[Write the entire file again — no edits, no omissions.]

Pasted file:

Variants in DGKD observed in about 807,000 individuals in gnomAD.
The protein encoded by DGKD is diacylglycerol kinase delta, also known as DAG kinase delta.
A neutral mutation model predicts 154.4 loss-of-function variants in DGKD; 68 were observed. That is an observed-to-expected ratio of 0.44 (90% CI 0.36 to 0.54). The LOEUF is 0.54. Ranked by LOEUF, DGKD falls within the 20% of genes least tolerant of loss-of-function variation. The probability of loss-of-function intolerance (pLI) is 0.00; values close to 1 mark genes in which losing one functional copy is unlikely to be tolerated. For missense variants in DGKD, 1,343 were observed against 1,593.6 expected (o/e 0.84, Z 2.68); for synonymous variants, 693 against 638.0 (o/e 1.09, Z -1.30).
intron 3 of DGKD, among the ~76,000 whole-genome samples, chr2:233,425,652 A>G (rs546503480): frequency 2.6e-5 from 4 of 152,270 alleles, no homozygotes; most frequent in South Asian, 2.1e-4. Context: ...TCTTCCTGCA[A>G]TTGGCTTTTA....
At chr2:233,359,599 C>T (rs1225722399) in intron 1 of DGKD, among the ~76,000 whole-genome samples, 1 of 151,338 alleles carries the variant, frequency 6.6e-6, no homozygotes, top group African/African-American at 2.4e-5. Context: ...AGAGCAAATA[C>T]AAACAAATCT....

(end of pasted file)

Variants in DGKD observed in about 807,000 individuals in gnomAD.
The protein encoded by DGKD is diacylglycerol kinase delta, also known as DAG kinase delta.
A neutral mutation model predicts 154.4 loss-of-function variants in DGKD; 68 were observed. That is an observed-to-expected ratio of 0.44 (90% CI 0.36 to 0.54). The LOEUF is 0.54. Ranked by LOEUF, DGKD falls within the 20% of genes least tolerant of loss-of-function variation. The probability of loss-of-function intolerance (pLI) is 0.00; values close to 1 mark genes in which losing one functional copy is unlikely to be tolerated. For missense variants in DGKD, 1,343 were observed against 1,593.6 expected (o/e 0.84, Z 2.68); for synonymous variants, 693 against 638.0 (o/e 1.09, Z -1.30).
intron 3 of DGKD, among the ~76,000 whole-genome samples, chr2:233,425,652 A>G (rs546503480): frequency 2.6e-5 from 4 of 152,270 alleles, no homozygotes; most frequent in South Asian, 2.1e-4. Context: ...TCTTCCTGCA[A>G]TTGGCTTTTA....
At chr2:233,359,599 C>T (rs1225722399) in intron 1 of DGKD, among the ~76,000 whole-genome samples, 1 of 151,338 alleles carries the variant, frequency 6.6e-6, no homozygotes, top group African/African-American at 2.4e-5. Context: ...AGAGCAAATA[C>T]AAACAAATCT....